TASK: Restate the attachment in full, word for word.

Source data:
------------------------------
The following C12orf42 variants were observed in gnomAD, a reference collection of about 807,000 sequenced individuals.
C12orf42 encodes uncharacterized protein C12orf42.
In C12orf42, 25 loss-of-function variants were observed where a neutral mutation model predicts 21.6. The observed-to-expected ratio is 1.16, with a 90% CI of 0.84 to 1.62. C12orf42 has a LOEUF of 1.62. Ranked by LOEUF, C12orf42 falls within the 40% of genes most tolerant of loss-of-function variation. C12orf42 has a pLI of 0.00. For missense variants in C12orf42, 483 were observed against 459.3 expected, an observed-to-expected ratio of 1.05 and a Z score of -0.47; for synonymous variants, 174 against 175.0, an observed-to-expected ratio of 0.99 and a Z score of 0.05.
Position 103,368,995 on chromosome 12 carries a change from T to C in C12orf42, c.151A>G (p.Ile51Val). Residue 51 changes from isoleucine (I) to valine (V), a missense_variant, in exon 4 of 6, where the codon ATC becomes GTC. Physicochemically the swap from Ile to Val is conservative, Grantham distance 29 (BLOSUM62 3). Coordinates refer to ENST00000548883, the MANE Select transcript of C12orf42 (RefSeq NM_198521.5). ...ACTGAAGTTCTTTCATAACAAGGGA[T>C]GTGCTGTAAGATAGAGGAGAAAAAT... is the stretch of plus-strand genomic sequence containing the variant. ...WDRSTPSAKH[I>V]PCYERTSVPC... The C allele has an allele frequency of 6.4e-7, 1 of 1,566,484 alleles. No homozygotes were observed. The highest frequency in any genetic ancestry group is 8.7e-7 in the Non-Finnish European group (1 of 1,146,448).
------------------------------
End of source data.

The following C12orf42 variants were observed in gnomAD, a reference collection of about 807,000 sequenced individuals.
C12orf42 encodes uncharacterized protein C12orf42.
In C12orf42, 25 loss-of-function variants were observed where a neutral mutation model predicts 21.6. The observed-to-expected ratio is 1.16, with a 90% CI of 0.84 to 1.62. C12orf42 has a LOEUF of 1.62. Ranked by LOEUF, C12orf42 falls within the 40% of genes most tolerant of loss-of-function variation. C12orf42 has a pLI of 0.00. For missense variants in C12orf42, 483 were observed against 459.3 expected, an observed-to-expected ratio of 1.05 and a Z score of -0.47; for synonymous variants, 174 against 175.0, an observed-to-expected ratio of 0.99 and a Z score of 0.05.
Position 103,368,995 on chromosome 12 carries a change from T to C in C12orf42, c.151A>G (p.Ile51Val). Residue 51 changes from isoleucine (I) to valine (V), a missense_variant, in exon 4 of 6, where the codon ATC becomes GTC. Physicochemically the swap from Ile to Val is conservative, Grantham distance 29 (BLOSUM62 3). Coordinates refer to ENST00000548883, the MANE Select transcript of C12orf42 (RefSeq NM_198521.5). ...ACTGAAGTTCTTTCATAACAAGGGA[T>C]GTGCTGTAAGATAGAGGAGAAAAAT... is the stretch of plus-strand genomic sequence containing the variant. ...WDRSTPSAKH[I>V]PCYERTSVPC... The C allele has an allele frequency of 6.4e-7, 1 of 1,566,484 alleles. No homozygotes were observed. The highest frequency in any genetic ancestry group is 8.7e-7 in the Non-Finnish European group (1 of 1,146,448).